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Consumer Reports

Cell phones instead of land-lines in homes may hinder 911 help, officials say | (KRT) It may be a good deal for cost-conscious consumers, but emergency responders say people who use new FCC rules to transfer land-line phone numbers to cell phones are giving up a critical advantage when calling 911.

A call to a 911 dispatch center from a land-line phone automatically displays the address where that phone is located, making it possible for emergency personnel to respond quickly in situations in which a few minutes can potentially save a life.

In contrast, it will be at least two more years - and probably three - before many 911 call centers are equipped to locate people who use their cell phones to dial 911, officials said.

The 911 location capability of land-line phones can be especially critical in households with elderly, young children or people with medical problems that could impair their ability to describe to dispatchers their exact location, emergency responders say.

Young children may know enough to call 911 in an emergency, but they might not be able to tell a dispatcher exactly where they are and what the problem is. Sometimes in medical emergencies, people manage to dial 911 but cannot speak.

"In the vast majority of call centers in Wisconsin, if they have an open 911 line, they'll just send a squad to that address to check it out," said Capt. Jay Maritz, of the Walworth County Sheriff's Department.

"In a cell phone situation, where would we send the squad?"

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Maritz, vice president of the Wisconsin chapter of the Association of Public Safety Communications Officers, said consumers need to educate themselves about all of the advantages and disadvantages when deciding whether to give up their land-line phones for cell phones. A cost comparison alone won't suffice, he said.

In households with children or elderly, he said: "The land-line phone will still be the better choice."


A week ago, new Federal Communications Commission rules took effect that allow people to keep their phone number when switching cell phone providers within the same local calling areas. The rules guaranteeing local line portability also permit consumers to keep their current land-line phone number if they give that line up and transfer the number to a cell phone.

More people are cutting the cord to their land-line phones and going exclusively with cell phones. The new FCC rules are expected to accelerate that trend, said William Esbeck, executive director of the Wisconsin State Telecommunications Association.

"A small percentage of people today don't have land-line phones and just use cell phones," Esbeck said.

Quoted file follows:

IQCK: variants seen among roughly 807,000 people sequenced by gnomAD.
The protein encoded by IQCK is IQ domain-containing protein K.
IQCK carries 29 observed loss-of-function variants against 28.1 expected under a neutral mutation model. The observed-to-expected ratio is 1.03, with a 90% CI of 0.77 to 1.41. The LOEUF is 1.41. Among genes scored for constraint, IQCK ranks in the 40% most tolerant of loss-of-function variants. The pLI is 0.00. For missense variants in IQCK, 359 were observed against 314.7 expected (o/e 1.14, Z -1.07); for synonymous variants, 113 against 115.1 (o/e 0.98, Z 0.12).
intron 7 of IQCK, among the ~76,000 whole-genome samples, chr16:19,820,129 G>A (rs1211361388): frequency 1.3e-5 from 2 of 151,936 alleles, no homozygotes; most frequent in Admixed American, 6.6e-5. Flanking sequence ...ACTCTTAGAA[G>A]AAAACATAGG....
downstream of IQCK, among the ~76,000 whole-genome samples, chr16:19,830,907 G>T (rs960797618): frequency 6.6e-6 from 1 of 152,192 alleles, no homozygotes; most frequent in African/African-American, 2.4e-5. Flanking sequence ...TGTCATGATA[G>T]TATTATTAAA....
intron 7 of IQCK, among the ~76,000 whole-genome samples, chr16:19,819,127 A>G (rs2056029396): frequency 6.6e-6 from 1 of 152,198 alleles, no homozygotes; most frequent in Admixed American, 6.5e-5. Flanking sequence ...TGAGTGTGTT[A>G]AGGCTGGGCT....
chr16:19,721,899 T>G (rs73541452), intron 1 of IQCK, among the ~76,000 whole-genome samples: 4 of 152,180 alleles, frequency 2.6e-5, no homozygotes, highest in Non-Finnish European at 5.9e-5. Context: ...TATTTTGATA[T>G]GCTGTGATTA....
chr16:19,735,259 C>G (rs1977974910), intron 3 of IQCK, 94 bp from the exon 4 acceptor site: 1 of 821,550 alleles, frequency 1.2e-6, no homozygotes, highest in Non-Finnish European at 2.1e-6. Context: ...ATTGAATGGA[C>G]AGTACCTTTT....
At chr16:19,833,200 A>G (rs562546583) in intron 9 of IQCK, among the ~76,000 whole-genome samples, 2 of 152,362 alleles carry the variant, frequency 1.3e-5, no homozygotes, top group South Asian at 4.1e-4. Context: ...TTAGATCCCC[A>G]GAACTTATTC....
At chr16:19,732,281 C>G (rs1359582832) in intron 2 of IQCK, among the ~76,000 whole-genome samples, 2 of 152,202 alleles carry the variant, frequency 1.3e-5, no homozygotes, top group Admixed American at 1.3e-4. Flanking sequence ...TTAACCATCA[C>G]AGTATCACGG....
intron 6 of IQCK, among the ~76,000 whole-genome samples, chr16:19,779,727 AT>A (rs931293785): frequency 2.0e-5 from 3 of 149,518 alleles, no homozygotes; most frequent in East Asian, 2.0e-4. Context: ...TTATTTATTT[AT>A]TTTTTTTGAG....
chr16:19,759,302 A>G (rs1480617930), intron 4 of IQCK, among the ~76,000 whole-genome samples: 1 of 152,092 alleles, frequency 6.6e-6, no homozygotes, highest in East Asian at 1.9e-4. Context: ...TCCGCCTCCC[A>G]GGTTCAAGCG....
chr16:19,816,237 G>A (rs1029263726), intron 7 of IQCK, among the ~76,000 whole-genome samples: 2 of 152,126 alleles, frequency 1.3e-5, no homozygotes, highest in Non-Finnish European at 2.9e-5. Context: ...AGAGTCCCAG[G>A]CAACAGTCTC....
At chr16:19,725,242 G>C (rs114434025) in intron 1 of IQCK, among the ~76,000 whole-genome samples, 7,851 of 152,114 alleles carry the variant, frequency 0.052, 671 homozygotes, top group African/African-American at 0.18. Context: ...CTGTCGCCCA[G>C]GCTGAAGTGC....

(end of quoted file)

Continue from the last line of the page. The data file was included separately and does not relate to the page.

"There's no question that that percentage will continue to grow and the option of local line portability makes it more attractive."

Esbeck said consumers contemplating a switch from land-line to cell phones need to weigh the advantages of wireless convenience and cost against the advantages of land-line phones with 911 location capability, dependable signal and battery-free operation.

"It's incumbent on consumers to be aware of the full implications of their decision," he said. "Most consumers taking a step like this will take the time to educate themselves."

But most people are not aware of all they are giving up when they cut their land-line phones in favor of cell phones, said Dave Sleeter, Rock County communications director and vice president of the Wisconsin chapter of the National Emergency Number Association.

"People just aren't thinking about this," he said. "I understand that convenience and cost are very important, but it's taking us a huge step backward in getting people help in emergencies.

"You go cell phone, and good luck."


Earlier this year, legislation was enacted in Wisconsin to install technology at 911 answering centers needed to locate cell phone callers. A surcharge on cell phone users will help pay for the equipment.

The state Public Service Commission is writing rules to implement the surcharge and determine the process for 911 centers to apply for grants to help pay for equipment upgrades.

Gary Evenson, of the commission's telecommunications division, said the monthly surcharge is not expected to be in place until late 2005. When the legislation was approved, legislators estimated that the surcharge would be 75 cents for each cell phone or pager.

Grants could be awarded to 911 centers soon after the surcharge is implemented, said Evenson.

Sleeter estimated that it will be at least three years before any 911 answering centers in Wisconsin have the cell phone location technology. For some areas of the state, it will take longer, he said.

Sleeter said he understands the lure of convenience and cheaper rates offered by cell phones over land-line phones and admitted that his wife briefly considered cutting the family's land-line phone to save $30 a month. But for him the choice was a no-brainer.

"What's it worth to have that security?" he said. "I'll pay the extra $30. To me, that's cheap insurance."



A land-line telephone automatically displays the address where the phone is located when used to call 911 dispatch centers, thus speeding emergency responders to that location.

New FCC rules make it easier for people to give up their land-line phones by allowing them to transfer their land-line phone number to a cell phone in the same calling area.

Despite legislation enacted this year to implement the needed technology, it will be two or three years before 911 call centers in Wisconsin get the equipment necessary to locate people calling 911 using cell phones.

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© 2003, Milwaukee Journal Sentinel Distributed by Knight Ridder/Tribune Information Services